255 looks to work around this issue.
The closeup above shows pixel data for the hit canvas for a 4-pixel wide line. Since we get back what is approximately a 2-pixel wide, completely opaque line, we can translate RGB values into identifiers to determine which feature was hit. Not so bad.
Unfortunately, there are some other issues with this method that are not so easy to work around. Above, I mentioned that the user might be using an arbitrary graphic to render points. To render pixels on our hit canvas that represent non-transparent pixels in a user supplied graphic requires a bit of work. What we want is pixels with specific RGB values on our hit canvas. What we’ve got is the URL for an image that should be used to represent the point.
In OpenLayers, when the user wants a point to be represented by an arbitrary image, we create a new
Image object, set the
src to the provided image URL, and then in
onload we render that image to the display canvas. To support hit detection, we can also render the image to a (third) dedicated graphic canvas and then iterate through the pixels (returned by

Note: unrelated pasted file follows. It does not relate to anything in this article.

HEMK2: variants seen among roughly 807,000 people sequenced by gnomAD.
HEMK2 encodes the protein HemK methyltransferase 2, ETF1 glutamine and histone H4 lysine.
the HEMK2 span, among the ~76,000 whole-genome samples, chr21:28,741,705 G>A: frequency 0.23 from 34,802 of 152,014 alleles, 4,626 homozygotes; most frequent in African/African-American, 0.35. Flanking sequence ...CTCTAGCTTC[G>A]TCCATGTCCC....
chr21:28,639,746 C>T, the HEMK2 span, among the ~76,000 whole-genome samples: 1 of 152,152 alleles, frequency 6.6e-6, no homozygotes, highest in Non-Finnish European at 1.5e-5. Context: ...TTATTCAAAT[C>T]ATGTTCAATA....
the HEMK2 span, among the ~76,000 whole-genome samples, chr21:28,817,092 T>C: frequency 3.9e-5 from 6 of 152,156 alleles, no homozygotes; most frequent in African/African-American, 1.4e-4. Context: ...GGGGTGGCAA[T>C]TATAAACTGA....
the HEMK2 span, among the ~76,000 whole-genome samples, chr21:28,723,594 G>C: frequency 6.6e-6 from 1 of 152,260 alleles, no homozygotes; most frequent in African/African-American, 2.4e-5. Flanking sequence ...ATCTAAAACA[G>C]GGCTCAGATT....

getImageData), drawing feature-identifiable colored pixels onto the hit canvas for each pixel that is not transparent in the graphic canvas. This means that if a user provides a URL for a rectangular pushpin image, we can detect when mouse or touch events coincide with the colored part of the image and ignore events coinciding with transparent pixels in the image.
This is already starting to get cumbersome. Rendering to three canvases, performance is still good with a reasonable number of features, but we’re making the browser do a lot of extra work.
The real problem with this approach is that it is limited to the same origin policy. The canvas keeps track of which pixels came from where, and when we call
getImageData on a portion of a canvas where
drawImage was called with an image from a different origin, we get a
The solution to this actually simplifies things a bit. If we dispense with the requirement that we have to differentiate transparent from non-transparent pixels in the user provided image, we can simply draw a rectangle of the same size as the user supplied image on our hit canvas. With this alternative, we get false positives where image rectangles might overlap one another. Though the user tries to click on a lower visible feature, we mistakenly think they are clicking on a feature whose graphic extent overlaps the lower feature.